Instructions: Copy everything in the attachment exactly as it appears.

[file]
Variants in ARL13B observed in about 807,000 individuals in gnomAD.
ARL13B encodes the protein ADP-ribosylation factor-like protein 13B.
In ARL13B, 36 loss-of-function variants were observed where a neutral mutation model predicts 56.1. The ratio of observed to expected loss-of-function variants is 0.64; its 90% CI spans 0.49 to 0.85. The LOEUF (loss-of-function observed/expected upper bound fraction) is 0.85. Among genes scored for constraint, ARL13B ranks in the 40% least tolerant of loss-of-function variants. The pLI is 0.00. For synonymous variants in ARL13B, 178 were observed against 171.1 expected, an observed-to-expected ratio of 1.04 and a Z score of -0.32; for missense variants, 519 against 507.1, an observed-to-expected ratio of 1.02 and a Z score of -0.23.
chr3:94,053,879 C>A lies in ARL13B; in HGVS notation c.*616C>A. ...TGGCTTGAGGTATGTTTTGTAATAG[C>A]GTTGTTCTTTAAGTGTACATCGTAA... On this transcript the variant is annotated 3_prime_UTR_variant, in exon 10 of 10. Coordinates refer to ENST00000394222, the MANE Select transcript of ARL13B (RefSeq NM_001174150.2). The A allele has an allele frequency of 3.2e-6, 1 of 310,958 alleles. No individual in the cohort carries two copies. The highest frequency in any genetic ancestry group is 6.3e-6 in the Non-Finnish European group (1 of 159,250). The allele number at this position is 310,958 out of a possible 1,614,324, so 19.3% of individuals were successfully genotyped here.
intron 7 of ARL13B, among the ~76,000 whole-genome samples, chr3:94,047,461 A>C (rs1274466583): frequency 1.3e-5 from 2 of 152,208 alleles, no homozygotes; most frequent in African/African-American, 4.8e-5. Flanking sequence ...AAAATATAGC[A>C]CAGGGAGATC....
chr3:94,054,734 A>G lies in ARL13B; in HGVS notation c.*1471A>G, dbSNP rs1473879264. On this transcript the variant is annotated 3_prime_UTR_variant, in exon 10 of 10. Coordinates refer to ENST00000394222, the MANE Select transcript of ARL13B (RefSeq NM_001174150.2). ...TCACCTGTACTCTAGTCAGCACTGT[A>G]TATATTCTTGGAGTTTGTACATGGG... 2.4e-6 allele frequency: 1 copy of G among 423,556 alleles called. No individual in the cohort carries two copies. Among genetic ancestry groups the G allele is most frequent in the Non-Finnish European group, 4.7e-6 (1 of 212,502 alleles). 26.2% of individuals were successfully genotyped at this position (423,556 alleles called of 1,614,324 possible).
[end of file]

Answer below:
Variants in ARL13B observed in about 807,000 individuals in gnomAD.
ARL13B encodes the protein ADP-ribosylation factor-like protein 13B.
In ARL13B, 36 loss-of-function variants were observed where a neutral mutation model predicts 56.1. The ratio of observed to expected loss-of-function variants is 0.64; its 90% CI spans 0.49 to 0.85. The LOEUF (loss-of-function observed/expected upper bound fraction) is 0.85. Among genes scored for constraint, ARL13B ranks in the 40% least tolerant of loss-of-function variants. The pLI is 0.00. For synonymous variants in ARL13B, 178 were observed against 171.1 expected, an observed-to-expected ratio of 1.04 and a Z score of -0.32; for missense variants, 519 against 507.1, an observed-to-expected ratio of 1.02 and a Z score of -0.23.
chr3:94,053,879 C>A lies in ARL13B; in HGVS notation c.*616C>A. ...TGGCTTGAGGTATGTTTTGTAATAG[C>A]GTTGTTCTTTAAGTGTACATCGTAA... On this transcript the variant is annotated 3_prime_UTR_variant, in exon 10 of 10. Coordinates refer to ENST00000394222, the MANE Select transcript of ARL13B (RefSeq NM_001174150.2). The A allele has an allele frequency of 3.2e-6, 1 of 310,958 alleles. No individual in the cohort carries two copies. The highest frequency in any genetic ancestry group is 6.3e-6 in the Non-Finnish European group (1 of 159,250). The allele number at this position is 310,958 out of a possible 1,614,324, so 19.3% of individuals were successfully genotyped here.
intron 7 of ARL13B, among the ~76,000 whole-genome samples, chr3:94,047,461 A>C (rs1274466583): frequency 1.3e-5 from 2 of 152,208 alleles, no homozygotes; most frequent in African/African-American, 4.8e-5. Flanking sequence ...AAAATATAGC[A>C]CAGGGAGATC....
chr3:94,054,734 A>G lies in ARL13B; in HGVS notation c.*1471A>G, dbSNP rs1473879264. On this transcript the variant is annotated 3_prime_UTR_variant, in exon 10 of 10. Coordinates refer to ENST00000394222, the MANE Select transcript of ARL13B (RefSeq NM_001174150.2). ...TCACCTGTACTCTAGTCAGCACTGT[A>G]TATATTCTTGGAGTTTGTACATGGG... 2.4e-6 allele frequency: 1 copy of G among 423,556 alleles called. No individual in the cohort carries two copies. Among genetic ancestry groups the G allele is most frequent in the Non-Finnish European group, 4.7e-6 (1 of 212,502 alleles). 26.2% of individuals were successfully genotyped at this position (423,556 alleles called of 1,614,324 possible).